How to Introduce Cats to a New Home

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a kitten in front of a house door

Whether you are a first-time cat owner or looking to adopt a new member into your existing brood, there are many things to consider before introducing a new cat into your home.

Cats are generally very independent and are typically able to adapt to almost any situation. However, every cat has its own, unique personality; just like you, any pre-existing animals, and your home have their own, unique personalities, too.

So, before you bring home a new cat, it’s very important to be mindful of several, important factors. If you are not properly prepared, you may end up with an unhappy cat, and an unhappy cat will make you (and any other animals that you already have) unhappy down the road.

Being a first-time cat owner requires getting essential supplies beforehand, paying attention to safety issues, maintaining grooming regiments, staying on top of medical care, and recognizing the long-term commitment that comes with cat ownership.

But, even if you are an experienced cat owner and are introducing a new one into your already existing colony, there are still many important aspects of adoption to think about before introducing a new cat into your home.

So, in this article, we will give you some important information about how to introduce a new cat into your home, as well as giving you some useful tips about how to provide your new cat with what it needs to live a happy and healthy life.

At A Glance: How to Introduce a Shy Cat to a New Home

Basic Supplies

Cats require a few, basic supplies in order for them to be happy and healthy. These supplies include food and water, a litter box (and litter), a scratching post or scratching pad, a comfy bed or cozy spot, grooming supplies, and some toys to play with.

Home Environment

Regardless of its age, a cat may exhibit some destructive behavior in a new environment. So, before you bring your new friend home, be sure that you have a safe environment that is free from any potential dangers.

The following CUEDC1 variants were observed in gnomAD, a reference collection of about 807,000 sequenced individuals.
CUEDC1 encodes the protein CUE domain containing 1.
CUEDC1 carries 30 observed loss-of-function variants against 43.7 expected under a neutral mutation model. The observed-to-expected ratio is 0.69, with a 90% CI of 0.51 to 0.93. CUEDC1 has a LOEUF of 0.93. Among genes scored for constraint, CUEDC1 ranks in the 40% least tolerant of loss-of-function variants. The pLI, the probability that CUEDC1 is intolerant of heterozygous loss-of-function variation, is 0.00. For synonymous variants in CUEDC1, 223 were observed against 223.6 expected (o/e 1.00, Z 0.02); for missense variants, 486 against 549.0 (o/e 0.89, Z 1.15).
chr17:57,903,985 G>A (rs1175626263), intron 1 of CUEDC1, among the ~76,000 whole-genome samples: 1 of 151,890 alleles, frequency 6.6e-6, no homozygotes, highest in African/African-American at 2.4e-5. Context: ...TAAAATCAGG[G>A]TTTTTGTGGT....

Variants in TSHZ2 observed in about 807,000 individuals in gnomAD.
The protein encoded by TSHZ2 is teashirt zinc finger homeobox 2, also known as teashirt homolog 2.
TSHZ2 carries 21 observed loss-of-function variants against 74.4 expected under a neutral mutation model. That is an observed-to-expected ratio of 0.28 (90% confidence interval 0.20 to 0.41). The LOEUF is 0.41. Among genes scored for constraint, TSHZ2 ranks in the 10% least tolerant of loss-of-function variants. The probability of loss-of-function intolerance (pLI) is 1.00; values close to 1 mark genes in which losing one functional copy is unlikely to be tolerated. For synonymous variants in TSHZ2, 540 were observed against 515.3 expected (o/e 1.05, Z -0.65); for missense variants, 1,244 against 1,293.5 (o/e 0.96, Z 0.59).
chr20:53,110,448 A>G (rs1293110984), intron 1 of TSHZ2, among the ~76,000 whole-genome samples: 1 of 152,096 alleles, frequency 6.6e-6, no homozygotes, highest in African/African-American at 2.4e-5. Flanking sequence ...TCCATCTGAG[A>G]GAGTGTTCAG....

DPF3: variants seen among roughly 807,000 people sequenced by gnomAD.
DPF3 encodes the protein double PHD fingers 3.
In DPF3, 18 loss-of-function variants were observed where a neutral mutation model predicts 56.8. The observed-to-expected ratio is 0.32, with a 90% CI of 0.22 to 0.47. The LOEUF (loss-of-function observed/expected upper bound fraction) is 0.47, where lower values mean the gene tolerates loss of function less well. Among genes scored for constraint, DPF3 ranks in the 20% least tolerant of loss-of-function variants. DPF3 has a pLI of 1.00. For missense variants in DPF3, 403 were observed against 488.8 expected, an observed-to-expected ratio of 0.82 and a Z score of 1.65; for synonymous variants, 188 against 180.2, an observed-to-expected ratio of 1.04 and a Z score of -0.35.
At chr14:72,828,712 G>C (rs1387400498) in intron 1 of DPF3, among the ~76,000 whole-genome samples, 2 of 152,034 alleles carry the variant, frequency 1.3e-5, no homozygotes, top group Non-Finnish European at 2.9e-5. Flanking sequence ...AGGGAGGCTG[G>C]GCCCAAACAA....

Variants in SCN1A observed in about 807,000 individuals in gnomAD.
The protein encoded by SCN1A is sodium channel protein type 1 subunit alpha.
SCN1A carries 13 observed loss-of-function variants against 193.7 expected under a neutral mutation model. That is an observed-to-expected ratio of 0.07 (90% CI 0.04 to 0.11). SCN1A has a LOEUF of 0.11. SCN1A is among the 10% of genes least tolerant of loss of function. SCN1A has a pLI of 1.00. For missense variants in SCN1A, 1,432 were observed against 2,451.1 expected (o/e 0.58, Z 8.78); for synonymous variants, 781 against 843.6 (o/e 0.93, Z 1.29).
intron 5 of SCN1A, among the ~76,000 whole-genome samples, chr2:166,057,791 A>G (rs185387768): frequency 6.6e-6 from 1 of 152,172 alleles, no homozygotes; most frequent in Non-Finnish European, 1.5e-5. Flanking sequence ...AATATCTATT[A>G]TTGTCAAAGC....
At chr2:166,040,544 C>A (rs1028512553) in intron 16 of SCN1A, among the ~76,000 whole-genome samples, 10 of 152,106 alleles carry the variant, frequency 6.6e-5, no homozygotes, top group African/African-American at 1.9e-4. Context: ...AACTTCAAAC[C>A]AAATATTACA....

Safe Haven

Give your new cat its own, private area so that it has time to get used to the sights, sounds and smells of its new environment. If you have other animals already in your home, keep your new cat temporarily isolated from them during this period.

Slow Introductions

It may take a few days and sometimes much longer for your new cat to become comfortable in your home, especially if you already have other animals. So be sure to give your new cat ample time to gradually get used to its new surroundings.

Veterinary Visits

Take your new cat to your veterinarian within the first week after adoption for a routine check-up. Your vet can help you determine what flea and tick medication will work best for your cat, as well as giving your cat any needed and essential vaccinations.

General Health

Pay close attention to your new cat’s health and look for symptoms of common illnesses. Shelter cats can sometimes bring home infections from shelter environments, as well as potentially catching something from other animals in your home.

Things To Keep In Mind When Introducing A Scared Cat Into Your Home

cat sleeping on the bed